Samsung Bixby is a good virtual assistant with lots of potential, but faces a tough uphill battle to match the likes of Google.
Bixby, the AI assistant that Samsung implemented inside the Galaxy S8, was an expected feature. We knew it was coming from the day they acquired Viv, the company behind Apple’s famous assistant Siri. It’s a response to the rapid convergence of artificial intelligence and mobile connectivity, first started by Apple and pushed further by Google in recent months. Samsung’s service seemed solid enough during the demonstration yesterday, matching the competition feature-for-feature, however it lacked a truly unique USP that is necessary to convince users of other systems.
Aside from Cortana and Siri, Bixby’s biggest competitor is Google Assistant. This robust feature will be baked into almost all Android Nougat devices in the future, giving it a huge install base overnight. While it’s unlikely that Samsung wants to offer the software to other handset manufacturers, there’s still the lingering question of why people would opt to use Bixby over Google Assistant in the first place? The latter is entirely native to Android, will arguably have better support thanks to Google’s ownership of the underlying OS and has a much larger audience. The new assistant will need to prove itself over time to convince smaller developers to invest the time adopting Bixby into their applications.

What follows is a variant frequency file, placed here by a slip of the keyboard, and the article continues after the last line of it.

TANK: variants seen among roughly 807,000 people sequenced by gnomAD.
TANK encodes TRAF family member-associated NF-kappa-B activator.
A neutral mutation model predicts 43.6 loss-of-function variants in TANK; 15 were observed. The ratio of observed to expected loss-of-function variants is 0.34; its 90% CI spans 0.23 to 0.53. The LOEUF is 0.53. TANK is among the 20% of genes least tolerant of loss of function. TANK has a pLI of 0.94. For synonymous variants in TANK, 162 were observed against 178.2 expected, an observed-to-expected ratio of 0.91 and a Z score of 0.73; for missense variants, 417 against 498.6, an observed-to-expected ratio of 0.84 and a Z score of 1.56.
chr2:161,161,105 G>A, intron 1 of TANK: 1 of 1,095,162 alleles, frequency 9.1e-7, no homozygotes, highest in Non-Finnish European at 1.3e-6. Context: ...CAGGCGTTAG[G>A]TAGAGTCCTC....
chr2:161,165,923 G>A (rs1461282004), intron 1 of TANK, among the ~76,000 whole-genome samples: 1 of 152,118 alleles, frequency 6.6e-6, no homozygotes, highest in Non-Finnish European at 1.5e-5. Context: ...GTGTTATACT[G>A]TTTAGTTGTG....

What Makes Bixby So Special?
Short answer, not much. It offers pretty similar features to Google Assistant and seems to be playing a safe game. These include voice triggering and the ability to interpret data shown on screen. There’s also a home screen made up of cards which mirrors that of Google Assistant. The home screen acts a calendar with which Bixby can read the data, offering suggestions and reminders for appointments. Samsung expressed at the event the Bixby wants to help with how we interact with our smartphone, rather than change it. Many of the features in Bixby are about convenience, such as being able to change brightness settings with a simple voice command. There’s also a dedicated button to wake Bixby, though for an assistant which is based around voice commands, this seems a little redundant.
The inclusion of camera integration is a nifty trick but nobody can comment on its efficiency until the software is out in the wild. In principal, pointing the camera at objects should allow Bixby to pick out bits of information. Algorithms like this are not a new feature and have been used by big companies in the past for facial recognition. Facebook already uses a similar feature to automatically tag people in pictures. Feedback from the controlled demonstrations showed at Samsung Unpacked yesterday seem to be mixed, with a lot of outlets reporting buggy performance. Interestingly, it was the image recognition that seemed to be the most robust, with voice command confusion being a common complaint among testers.
The Future of Bixby
As it stands, the assistant feels like an acceptable response to the growing Artificial Intelligence scene but nothing more. Bixby still has a lot of holes in the implementation, but the potential is there for a great assistant. Although tech outlets have been quick to criticise the number of bugs at announcement, there could be a very good reason for this. Bixby isn’t yet using Viv, the impressive AI startup purchased by Samsung last year for $215 million. The software focuses primarily on speech input, having the ability to understand complex questions and even human intent. Perhaps when Samsung manages to integrate the two services together, Bixby could become a very potent assistant indeed.